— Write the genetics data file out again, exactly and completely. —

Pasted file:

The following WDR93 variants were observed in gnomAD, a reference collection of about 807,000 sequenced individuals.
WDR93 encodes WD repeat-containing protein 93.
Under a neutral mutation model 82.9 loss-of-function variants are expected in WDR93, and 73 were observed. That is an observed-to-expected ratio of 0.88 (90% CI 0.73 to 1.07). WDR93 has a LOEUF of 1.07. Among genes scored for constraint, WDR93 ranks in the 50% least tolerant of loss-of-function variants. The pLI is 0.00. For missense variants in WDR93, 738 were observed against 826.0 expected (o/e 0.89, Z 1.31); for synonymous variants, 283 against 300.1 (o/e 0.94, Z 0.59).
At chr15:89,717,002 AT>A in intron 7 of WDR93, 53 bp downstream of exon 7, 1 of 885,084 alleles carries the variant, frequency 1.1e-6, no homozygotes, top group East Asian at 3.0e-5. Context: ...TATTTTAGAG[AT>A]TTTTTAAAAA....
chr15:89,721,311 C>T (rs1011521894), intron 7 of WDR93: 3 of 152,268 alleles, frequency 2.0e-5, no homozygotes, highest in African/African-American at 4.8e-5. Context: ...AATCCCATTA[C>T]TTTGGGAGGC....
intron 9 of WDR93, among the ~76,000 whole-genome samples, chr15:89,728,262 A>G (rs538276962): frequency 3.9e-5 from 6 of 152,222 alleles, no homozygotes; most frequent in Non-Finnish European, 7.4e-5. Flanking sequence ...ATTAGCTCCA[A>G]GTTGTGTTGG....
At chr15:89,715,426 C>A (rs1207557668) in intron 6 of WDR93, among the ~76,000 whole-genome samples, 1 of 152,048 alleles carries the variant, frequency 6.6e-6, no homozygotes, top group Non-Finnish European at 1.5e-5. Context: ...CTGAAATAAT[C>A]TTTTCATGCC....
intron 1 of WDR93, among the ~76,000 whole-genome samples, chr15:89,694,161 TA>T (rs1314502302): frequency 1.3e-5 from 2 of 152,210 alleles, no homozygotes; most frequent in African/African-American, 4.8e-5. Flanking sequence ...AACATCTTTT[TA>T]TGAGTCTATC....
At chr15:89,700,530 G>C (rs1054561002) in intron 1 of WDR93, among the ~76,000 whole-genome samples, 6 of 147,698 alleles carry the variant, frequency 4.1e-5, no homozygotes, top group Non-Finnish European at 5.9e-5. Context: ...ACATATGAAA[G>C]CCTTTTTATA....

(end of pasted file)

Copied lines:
The following WDR93 variants were observed in gnomAD, a reference collection of about 807,000 sequenced individuals.
WDR93 encodes WD repeat-containing protein 93.
Under a neutral mutation model 82.9 loss-of-function variants are expected in WDR93, and 73 were observed. That is an observed-to-expected ratio of 0.88 (90% CI 0.73 to 1.07). WDR93 has a LOEUF of 1.07. Among genes scored for constraint, WDR93 ranks in the 50% least tolerant of loss-of-function variants. The pLI is 0.00. For missense variants in WDR93, 738 were observed against 826.0 expected (o/e 0.89, Z 1.31); for synonymous variants, 283 against 300.1 (o/e 0.94, Z 0.59).
At chr15:89,717,002 AT>A in intron 7 of WDR93, 53 bp downstream of exon 7, 1 of 885,084 alleles carries the variant, frequency 1.1e-6, no homozygotes, top group East Asian at 3.0e-5. Context: ...TATTTTAGAG[AT>A]TTTTTAAAAA....
chr15:89,721,311 C>T (rs1011521894), intron 7 of WDR93: 3 of 152,268 alleles, frequency 2.0e-5, no homozygotes, highest in African/African-American at 4.8e-5. Context: ...AATCCCATTA[C>T]TTTGGGAGGC....
intron 9 of WDR93, among the ~76,000 whole-genome samples, chr15:89,728,262 A>G (rs538276962): frequency 3.9e-5 from 6 of 152,222 alleles, no homozygotes; most frequent in Non-Finnish European, 7.4e-5. Flanking sequence ...ATTAGCTCCA[A>G]GTTGTGTTGG....
At chr15:89,715,426 C>A (rs1207557668) in intron 6 of WDR93, among the ~76,000 whole-genome samples, 1 of 152,048 alleles carries the variant, frequency 6.6e-6, no homozygotes, top group Non-Finnish European at 1.5e-5. Context: ...CTGAAATAAT[C>A]TTTTCATGCC....
intron 1 of WDR93, among the ~76,000 whole-genome samples, chr15:89,694,161 TA>T (rs1314502302): frequency 1.3e-5 from 2 of 152,210 alleles, no homozygotes; most frequent in African/African-American, 4.8e-5. Flanking sequence ...AACATCTTTT[TA>T]TGAGTCTATC....
At chr15:89,700,530 G>C (rs1054561002) in intron 1 of WDR93, among the ~76,000 whole-genome samples, 6 of 147,698 alleles carry the variant, frequency 4.1e-5, no homozygotes, top group Non-Finnish European at 5.9e-5. Context: ...ACATATGAAA[G>C]CCTTTTTATA....